City of Brass

This is a great step forward for civil rights and detainee policy – as well as a well-deserved achievement by a fantastic blogger:

The Obama administration has chosen a lawyer and Iraq War veteran who has denounced U.S. detention policy to direct detainee affairs at the Department of Defense.

Until starting at the Pentagon this week, Phillip E. Carter, 33, was an associate at New York’s Park Avenue law firm McKenna Long & Aldridge. He specialized in government contracting and national security regulation.


A former Army captain, he also blogged on national security issues at a Washington Post website, Intel Dump.

In 2005-06, he served in Iraq with the Army’s 101st Airborne Division as an advisor to the Iraqi police.

On his return, he shared some lessons he learned in a radio interview aired on National Public Radio.

One tip: ”Diplomacy is more important than force,” he said. “Force creates more enemies than it removes. For every one insurgent you kill you create maybe 10 or 20 Iraqis with blood debts against the U.S.”

Carter left the Army after nine years in both active duty and as a reservist with military police and civil affairs units.

In October 2004, when the Pentagon said intelligence indicated that some former Guantánamo detainees had ”returned to the battlefield,” Carter blamed policy ”blowback” from a White House decision to “shred the Geneva Conventions.”


”It hardly takes an expert to say that the way to win the war on terrorism is not to create more of it,” he wrote in a commentary published on “But the haphazard, extralegal, credulous policies at Guantánamo have done just that.”

His new post — deputy assistant secretary of defense for detainee affairs — was created by the Bush administration to oversee and develop detention policies after the public saw leaked photos of guards brutalizing detainees at Abu Ghraib, Iraq.

Phil Carter is an absolute legal blog rockstar and he will bring a true conscience with him to this post. It should be noted that the creation of the Detainee Affairs post was largely an Orwellian excercize by the Bush Administration, because far from regulating the policy and acting as an advocate for the detainees, the appointees under Bush were enablers for continued abuse and torture.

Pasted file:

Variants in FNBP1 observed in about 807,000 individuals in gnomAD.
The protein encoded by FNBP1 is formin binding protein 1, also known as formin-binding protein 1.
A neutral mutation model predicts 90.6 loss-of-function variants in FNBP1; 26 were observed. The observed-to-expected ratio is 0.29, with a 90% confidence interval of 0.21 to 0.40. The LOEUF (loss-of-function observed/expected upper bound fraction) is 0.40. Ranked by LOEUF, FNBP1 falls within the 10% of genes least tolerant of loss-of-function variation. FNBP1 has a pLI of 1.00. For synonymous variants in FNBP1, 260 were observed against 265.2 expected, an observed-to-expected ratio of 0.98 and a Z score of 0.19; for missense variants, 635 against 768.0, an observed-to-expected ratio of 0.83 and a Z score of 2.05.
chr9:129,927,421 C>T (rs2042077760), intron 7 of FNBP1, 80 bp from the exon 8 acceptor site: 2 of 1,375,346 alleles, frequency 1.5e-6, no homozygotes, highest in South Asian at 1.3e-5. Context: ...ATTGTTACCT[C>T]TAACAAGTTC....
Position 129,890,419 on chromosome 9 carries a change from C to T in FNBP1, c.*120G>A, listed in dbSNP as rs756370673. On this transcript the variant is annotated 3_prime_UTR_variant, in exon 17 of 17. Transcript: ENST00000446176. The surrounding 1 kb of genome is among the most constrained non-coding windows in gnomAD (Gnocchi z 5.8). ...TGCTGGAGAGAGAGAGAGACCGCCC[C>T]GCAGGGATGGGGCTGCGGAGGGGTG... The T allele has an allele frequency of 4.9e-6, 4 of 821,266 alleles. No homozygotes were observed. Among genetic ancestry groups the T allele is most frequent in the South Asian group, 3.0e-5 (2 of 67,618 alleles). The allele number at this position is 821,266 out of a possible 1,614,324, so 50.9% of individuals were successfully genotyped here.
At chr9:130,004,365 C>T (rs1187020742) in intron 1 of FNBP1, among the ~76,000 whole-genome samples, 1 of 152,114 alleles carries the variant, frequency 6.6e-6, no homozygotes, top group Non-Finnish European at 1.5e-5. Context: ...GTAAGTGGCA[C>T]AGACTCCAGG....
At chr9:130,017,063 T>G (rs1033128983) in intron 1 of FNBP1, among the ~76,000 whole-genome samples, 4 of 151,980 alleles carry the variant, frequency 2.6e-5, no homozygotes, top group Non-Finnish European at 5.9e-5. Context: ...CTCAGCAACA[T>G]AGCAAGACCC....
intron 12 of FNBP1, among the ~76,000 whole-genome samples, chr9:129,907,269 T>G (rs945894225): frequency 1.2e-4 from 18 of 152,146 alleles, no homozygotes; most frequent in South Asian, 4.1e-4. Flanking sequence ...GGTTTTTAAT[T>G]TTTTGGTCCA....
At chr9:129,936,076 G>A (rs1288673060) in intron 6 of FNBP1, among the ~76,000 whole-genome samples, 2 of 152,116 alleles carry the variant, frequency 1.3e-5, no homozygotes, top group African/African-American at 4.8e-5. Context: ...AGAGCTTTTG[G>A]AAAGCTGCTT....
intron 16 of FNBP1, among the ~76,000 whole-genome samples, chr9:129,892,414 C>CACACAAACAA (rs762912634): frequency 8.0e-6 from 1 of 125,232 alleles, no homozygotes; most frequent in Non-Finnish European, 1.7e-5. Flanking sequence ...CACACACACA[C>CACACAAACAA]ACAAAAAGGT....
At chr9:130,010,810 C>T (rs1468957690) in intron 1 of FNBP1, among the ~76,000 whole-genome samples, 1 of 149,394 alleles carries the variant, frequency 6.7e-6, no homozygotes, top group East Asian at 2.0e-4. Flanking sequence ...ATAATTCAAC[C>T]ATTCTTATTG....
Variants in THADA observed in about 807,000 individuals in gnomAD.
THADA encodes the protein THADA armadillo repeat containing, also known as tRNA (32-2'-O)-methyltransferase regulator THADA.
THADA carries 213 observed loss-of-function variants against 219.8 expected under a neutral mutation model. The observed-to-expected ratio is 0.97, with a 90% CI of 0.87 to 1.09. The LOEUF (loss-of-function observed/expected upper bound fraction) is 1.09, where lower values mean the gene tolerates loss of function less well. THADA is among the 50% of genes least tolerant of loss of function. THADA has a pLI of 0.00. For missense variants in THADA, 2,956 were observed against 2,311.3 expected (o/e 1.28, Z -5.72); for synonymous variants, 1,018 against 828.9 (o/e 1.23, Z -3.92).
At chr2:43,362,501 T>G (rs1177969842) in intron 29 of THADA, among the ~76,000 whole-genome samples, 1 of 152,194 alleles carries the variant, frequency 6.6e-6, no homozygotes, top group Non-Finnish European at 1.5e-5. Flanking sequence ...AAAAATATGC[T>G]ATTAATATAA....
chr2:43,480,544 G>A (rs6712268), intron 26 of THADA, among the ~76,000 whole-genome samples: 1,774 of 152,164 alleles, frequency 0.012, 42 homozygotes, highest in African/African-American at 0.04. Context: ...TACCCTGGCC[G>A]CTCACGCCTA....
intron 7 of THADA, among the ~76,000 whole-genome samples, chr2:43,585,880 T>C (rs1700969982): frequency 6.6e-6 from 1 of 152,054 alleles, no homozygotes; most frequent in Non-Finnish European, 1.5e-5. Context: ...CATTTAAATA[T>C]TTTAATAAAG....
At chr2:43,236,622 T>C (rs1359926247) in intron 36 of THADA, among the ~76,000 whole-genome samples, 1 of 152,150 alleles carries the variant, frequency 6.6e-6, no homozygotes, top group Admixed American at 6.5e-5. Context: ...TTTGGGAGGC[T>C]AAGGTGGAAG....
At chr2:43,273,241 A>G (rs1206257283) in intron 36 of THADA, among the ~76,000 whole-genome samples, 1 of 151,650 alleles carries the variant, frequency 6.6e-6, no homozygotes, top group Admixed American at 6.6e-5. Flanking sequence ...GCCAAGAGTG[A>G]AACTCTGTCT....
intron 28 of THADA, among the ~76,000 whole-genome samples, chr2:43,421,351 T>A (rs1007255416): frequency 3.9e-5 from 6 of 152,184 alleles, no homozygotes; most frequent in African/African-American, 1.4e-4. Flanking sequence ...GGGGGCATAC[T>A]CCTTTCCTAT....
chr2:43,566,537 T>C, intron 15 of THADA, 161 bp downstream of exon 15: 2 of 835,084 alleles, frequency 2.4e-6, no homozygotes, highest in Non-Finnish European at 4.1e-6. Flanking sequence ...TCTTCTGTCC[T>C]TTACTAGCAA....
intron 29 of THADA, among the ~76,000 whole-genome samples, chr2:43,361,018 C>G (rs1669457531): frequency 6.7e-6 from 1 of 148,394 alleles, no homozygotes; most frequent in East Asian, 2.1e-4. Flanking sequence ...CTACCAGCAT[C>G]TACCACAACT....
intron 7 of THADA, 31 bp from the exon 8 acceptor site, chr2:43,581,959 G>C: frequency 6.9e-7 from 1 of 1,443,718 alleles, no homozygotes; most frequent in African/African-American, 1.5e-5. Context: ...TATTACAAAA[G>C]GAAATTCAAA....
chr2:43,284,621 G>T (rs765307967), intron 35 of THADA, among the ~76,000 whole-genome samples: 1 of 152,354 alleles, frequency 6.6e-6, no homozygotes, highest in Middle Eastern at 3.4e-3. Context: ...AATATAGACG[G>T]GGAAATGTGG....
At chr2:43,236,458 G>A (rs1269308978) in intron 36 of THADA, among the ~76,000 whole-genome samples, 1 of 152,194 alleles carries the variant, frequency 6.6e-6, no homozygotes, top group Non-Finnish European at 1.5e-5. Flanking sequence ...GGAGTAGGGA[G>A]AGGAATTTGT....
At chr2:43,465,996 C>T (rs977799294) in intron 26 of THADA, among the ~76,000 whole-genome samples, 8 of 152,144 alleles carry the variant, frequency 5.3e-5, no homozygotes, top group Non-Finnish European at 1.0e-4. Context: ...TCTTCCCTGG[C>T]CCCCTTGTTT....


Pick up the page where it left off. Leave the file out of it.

Case in point, Carter’s predecessor Charles Stimson, took the rather astounding position that any law firm providing legal representation to detainees in Guantanamo Bay was betraying America and should be boycotted. Stimson was roundly condemned by legal organizations and the Pentagon distanced itself from his remarks as well:

A Defense Department official has stirred up a maelstrom in the American legal community by calling on corporate America to boycott law firms that help represent captives at Guantánamo Bay, Cuba.

Speaking to a morning radio talk show Thursday, Cully Stimson, deputy assistant secretary of defense for detainee affairs, rattled off a list of some of the most prestigious law firms in the nation.

Each apparently has attorneys providing pro-bono, or no-charge, legal representation to captives at the U.S. Navy Base, where the Bush administration is holding some 395 men and teens as enemy combatants.

“It’s shocking, ” said Stimson, 43, a former federal attorney and Navy lawyer. “The major law firms in this country . . . are out there representing detainees.”

By late Friday, major U.S. legal advocacy groups condemned his remarks — and a senior defense official distanced the Pentagon from them as well.

[…] “Mr. Cully Stimson’s comments in a recent media interview about law firms representing Guantánamo detainees do not represent the views of the Defense Department or the thinking of its leadership, ” said Bryan Whitman, the senior Pentagon spokesman.

[…] Miami defense attorney Neal Sonnett, who has not worked on the cases but has been an American Bar Association observer at Guantánamo, called Stimson’s remarks “irresponsible” and “shameful.”

“It’s not only an attack on corporate America, ” he said, “but an attack on the rule of law.”

[…] Sonnett described pro-bono representation of someone who can’t defend himself — regardless of a captive’s guilt or innocence — as a bedrock American value.

Also Friday, Sen. Patrick Leahy, D-Vt., wrote President Bush a letter of protest, calling Stimson’s remarks “reprehensible” and “especially appalling . . . from a senior defense official responsible for U.S. detention policy.”

The American Bar Association issued a statement Friday condemning the comments.

“Lawyers represent people in criminal cases to fulfill a core American value: the treatment of all people equally before the law, ” said ABA President Karen J. Mathis.

[…] “What Mr. Stimson condemns are precisely the values we should be trying to defend in the war on terror, ” said ACLU National Director Steven R. Shapiro.

I don’t have much to add beyond what the statements above had to say on Stimson’s uttery shameful attempt at browbeating the legal profession from performing its duty under our rule of law system, but it does certainly illustrate the kind of thinking that pervaded the Bush Administration. Obama’s Administration promises change, a return to true American values – and Phil Carter’s appointment to what had been an Orwellian post in the prior Administration is solid evidence that we are moving back to where we need to be.

Related: The International Committee of the Red Cross has concluded after review of statements by medical officers who were physically present during interrogations that the treatment of detainees in CIA secret prisons was “inhuman”. Here’s the full report (PDF).

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